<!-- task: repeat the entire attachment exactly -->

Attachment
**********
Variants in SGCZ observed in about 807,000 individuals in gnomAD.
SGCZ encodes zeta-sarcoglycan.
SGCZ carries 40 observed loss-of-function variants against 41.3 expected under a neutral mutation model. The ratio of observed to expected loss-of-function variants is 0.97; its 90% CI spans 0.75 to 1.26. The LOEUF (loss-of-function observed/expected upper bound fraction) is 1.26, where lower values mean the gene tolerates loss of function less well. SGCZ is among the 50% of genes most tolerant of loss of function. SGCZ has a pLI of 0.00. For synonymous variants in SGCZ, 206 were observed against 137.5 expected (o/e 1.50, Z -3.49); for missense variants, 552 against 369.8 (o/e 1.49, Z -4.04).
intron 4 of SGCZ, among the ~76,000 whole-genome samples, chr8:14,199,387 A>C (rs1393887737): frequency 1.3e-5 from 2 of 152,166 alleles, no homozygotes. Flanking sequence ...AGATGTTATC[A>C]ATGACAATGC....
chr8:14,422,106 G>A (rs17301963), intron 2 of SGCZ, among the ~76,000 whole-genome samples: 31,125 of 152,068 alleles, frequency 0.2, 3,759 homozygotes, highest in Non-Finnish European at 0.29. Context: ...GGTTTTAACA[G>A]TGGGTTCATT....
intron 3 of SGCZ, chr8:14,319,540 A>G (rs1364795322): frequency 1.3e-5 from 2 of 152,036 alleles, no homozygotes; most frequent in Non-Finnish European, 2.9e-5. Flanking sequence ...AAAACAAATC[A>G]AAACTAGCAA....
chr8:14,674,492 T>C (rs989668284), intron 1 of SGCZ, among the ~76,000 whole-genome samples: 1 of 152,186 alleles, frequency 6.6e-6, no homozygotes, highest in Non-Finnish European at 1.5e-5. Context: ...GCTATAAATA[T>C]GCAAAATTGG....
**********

Variants in SGCZ observed in about 807,000 individuals in gnomAD.
SGCZ encodes zeta-sarcoglycan.
SGCZ carries 40 observed loss-of-function variants against 41.3 expected under a neutral mutation model. The ratio of observed to expected loss-of-function variants is 0.97; its 90% CI spans 0.75 to 1.26. The LOEUF (loss-of-function observed/expected upper bound fraction) is 1.26, where lower values mean the gene tolerates loss of function less well. SGCZ is among the 50% of genes most tolerant of loss of function. SGCZ has a pLI of 0.00. For synonymous variants in SGCZ, 206 were observed against 137.5 expected (o/e 1.50, Z -3.49); for missense variants, 552 against 369.8 (o/e 1.49, Z -4.04).
intron 4 of SGCZ, among the ~76,000 whole-genome samples, chr8:14,199,387 A>C (rs1393887737): frequency 1.3e-5 from 2 of 152,166 alleles, no homozygotes. Flanking sequence ...AGATGTTATC[A>C]ATGACAATGC....
chr8:14,422,106 G>A (rs17301963), intron 2 of SGCZ, among the ~76,000 whole-genome samples: 31,125 of 152,068 alleles, frequency 0.2, 3,759 homozygotes, highest in Non-Finnish European at 0.29. Context: ...GGTTTTAACA[G>A]TGGGTTCATT....
intron 3 of SGCZ, chr8:14,319,540 A>G (rs1364795322): frequency 1.3e-5 from 2 of 152,036 alleles, no homozygotes; most frequent in Non-Finnish European, 2.9e-5. Flanking sequence ...AAAACAAATC[A>G]AAACTAGCAA....
chr8:14,674,492 T>C (rs989668284), intron 1 of SGCZ, among the ~76,000 whole-genome samples: 1 of 152,186 alleles, frequency 6.6e-6, no homozygotes, highest in Non-Finnish European at 1.5e-5. Context: ...GCTATAAATA[T>C]GCAAAATTGG....